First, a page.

Tomcat Log4j Dynamic Logging

Tomcat Log4j Dynamic Logging

apache tomcat

Tomcat Log4j Dynamic Logging

Using log4j with DailyRollingFileAppender in Tomcat? Well, if you run Tomcat as a windows service, you might have noticed that your logs do not rotate daily.  The logs rotate only when the server is restarted. Although it works perfectly for a server on linux machine. But, tomcat when run as a windows service fail to rotate logs. It seems to be a common problem. I googled a lot for a solution, but didn’t find a solution, didn’t even came close to a solution. So, I decided to post this workaround here.

Why does this happen?

Lets assume we have a DailyRollingFileAppender.


The date pattern used ‘yyyy-MM-dd’ ensures that the logs rotate daily. The log rotation process involves the following steps:
1. The current logs are appended to ‘log_file.log’
2. Once the day is over, log4j tries to rename the file ‘log_file.log’ to ‘log_file.2013-01-14’
3. The new logs then go to ‘log_file.log’

If the ‘log_file.log’ is in use, it will never be renamed and the application will continue to append logs to ‘log_file.log’. This results in a awefully large size of log file.

Workaround! Problem tomcat?

There are several tools which offer to rotate these logs, but most of them failed to do so. There is a work around to this problem though, we can tweak the logging a bit to force the logs to rotate. Since, the cause of the problem is resource not being renamed, .instead of renaming the file just start logging to a new file everyday.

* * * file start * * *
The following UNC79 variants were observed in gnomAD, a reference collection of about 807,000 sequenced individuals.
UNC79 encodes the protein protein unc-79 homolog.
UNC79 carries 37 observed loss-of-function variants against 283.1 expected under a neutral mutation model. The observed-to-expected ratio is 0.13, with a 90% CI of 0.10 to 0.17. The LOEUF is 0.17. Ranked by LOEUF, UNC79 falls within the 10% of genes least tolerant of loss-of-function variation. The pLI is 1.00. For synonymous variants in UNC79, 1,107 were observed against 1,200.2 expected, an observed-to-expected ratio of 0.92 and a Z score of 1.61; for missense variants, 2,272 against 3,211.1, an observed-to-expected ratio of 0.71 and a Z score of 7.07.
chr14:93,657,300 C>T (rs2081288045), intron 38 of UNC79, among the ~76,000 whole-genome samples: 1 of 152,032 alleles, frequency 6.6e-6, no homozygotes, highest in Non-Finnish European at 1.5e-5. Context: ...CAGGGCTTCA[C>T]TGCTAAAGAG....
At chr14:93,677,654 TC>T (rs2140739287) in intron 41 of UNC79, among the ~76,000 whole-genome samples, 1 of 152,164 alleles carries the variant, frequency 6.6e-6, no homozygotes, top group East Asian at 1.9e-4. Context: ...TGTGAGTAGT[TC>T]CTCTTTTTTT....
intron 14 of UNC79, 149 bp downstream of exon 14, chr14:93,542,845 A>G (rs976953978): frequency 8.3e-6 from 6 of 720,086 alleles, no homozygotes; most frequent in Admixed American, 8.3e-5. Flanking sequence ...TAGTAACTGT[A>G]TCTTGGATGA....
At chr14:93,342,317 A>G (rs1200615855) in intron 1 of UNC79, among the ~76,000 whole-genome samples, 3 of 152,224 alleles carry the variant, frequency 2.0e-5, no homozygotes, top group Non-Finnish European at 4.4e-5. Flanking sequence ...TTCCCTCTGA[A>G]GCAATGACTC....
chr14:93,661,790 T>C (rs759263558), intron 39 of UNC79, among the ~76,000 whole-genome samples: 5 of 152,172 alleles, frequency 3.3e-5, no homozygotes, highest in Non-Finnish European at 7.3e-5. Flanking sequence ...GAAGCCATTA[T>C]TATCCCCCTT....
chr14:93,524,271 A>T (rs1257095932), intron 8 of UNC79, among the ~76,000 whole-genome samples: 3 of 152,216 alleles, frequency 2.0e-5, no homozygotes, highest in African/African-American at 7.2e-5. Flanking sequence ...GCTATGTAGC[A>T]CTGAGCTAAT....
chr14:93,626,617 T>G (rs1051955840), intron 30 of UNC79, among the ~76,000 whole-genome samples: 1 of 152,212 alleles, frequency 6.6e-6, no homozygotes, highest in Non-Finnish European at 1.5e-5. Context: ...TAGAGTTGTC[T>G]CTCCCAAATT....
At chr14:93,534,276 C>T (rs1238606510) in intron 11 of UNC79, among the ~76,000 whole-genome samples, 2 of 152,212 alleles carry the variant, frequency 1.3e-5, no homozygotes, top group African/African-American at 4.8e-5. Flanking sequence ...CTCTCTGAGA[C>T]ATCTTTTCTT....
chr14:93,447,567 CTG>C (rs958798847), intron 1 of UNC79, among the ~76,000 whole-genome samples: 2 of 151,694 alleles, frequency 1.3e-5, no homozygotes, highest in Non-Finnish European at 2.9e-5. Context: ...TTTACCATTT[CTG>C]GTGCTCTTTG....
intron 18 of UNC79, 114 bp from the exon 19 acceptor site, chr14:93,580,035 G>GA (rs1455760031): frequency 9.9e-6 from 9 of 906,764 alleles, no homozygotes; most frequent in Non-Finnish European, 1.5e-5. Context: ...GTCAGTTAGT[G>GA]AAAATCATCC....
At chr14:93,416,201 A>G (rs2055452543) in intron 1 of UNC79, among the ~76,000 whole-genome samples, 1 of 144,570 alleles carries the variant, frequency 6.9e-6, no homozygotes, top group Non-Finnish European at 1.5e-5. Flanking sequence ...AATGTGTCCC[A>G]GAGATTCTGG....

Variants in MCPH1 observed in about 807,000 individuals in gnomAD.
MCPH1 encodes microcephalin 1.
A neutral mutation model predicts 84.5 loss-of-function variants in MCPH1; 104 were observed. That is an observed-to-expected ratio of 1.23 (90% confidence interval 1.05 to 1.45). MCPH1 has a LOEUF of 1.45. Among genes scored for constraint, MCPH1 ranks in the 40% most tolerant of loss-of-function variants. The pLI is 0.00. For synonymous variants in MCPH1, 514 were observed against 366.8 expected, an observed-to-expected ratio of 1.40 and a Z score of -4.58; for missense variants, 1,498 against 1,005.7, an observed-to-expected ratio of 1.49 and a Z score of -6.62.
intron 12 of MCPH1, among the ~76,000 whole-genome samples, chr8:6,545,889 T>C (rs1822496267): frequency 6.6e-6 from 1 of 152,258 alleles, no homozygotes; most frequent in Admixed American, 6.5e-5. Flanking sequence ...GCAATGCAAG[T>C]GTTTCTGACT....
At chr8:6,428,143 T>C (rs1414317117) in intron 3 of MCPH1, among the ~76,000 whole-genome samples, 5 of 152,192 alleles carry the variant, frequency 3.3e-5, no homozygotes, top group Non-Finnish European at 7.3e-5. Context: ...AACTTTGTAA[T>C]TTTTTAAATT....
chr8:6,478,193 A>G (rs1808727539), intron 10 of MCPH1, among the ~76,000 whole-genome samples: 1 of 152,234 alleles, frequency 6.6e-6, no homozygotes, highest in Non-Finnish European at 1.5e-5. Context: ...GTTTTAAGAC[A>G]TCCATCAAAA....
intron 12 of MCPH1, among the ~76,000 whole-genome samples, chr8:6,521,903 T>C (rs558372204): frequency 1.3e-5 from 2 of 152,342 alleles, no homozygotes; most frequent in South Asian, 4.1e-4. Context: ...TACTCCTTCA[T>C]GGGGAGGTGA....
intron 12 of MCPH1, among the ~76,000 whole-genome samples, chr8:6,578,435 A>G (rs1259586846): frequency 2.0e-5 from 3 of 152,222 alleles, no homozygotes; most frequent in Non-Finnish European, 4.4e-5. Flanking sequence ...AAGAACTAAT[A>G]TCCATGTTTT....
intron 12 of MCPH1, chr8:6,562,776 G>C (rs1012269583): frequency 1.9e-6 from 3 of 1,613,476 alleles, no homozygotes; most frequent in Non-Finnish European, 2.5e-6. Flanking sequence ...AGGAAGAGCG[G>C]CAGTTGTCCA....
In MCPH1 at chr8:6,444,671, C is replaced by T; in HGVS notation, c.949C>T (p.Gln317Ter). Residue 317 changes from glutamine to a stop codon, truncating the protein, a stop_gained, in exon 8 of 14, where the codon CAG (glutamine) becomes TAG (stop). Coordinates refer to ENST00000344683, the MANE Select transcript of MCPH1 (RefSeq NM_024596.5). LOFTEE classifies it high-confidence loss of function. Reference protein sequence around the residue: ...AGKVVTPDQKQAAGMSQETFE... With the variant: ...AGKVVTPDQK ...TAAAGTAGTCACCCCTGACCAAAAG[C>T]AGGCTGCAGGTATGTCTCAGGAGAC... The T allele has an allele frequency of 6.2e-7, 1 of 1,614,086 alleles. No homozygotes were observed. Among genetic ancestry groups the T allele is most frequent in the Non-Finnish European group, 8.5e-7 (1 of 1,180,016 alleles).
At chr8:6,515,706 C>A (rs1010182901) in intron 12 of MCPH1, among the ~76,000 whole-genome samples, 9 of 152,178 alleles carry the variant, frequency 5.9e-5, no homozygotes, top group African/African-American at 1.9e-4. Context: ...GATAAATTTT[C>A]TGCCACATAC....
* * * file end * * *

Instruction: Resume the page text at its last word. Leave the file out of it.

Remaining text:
So, here is how you do it.
1. Tweek the log4j property to use system property as the file to log into.
2. Update the system property every day using a scheduled process.

Lets use a sample to do this.

I’ll be using spring v3 to achieve. If you don’t like spring, you may use some other way of doing this.
NOTE:Along with the following code, please remember to use the vm property, -DlogFile=log.log. This sets the system property logFile which is used by the to change the file name dynamically every minute.


Using log4j.appender.file.File=${logFile} ensures that the file name comes from a system property ‘logFile’. We are using a cron job using spring and quartz which runs every minute and resets the log configuration and uses the ‘’ file to re-configure logger properties.

In file the following lines are responsible for updating the appender file.
System.setProperty(PROP_LOG_FILE, PROP_LOG_FILE + “-” + getCurrentDate() + “.log”);
LogManager.resetConfiguration(); // resets the configuration of the logger
PropertyConfigurator.configure(prop); // re configures the logger using the same file

Source Code

Find the source code at: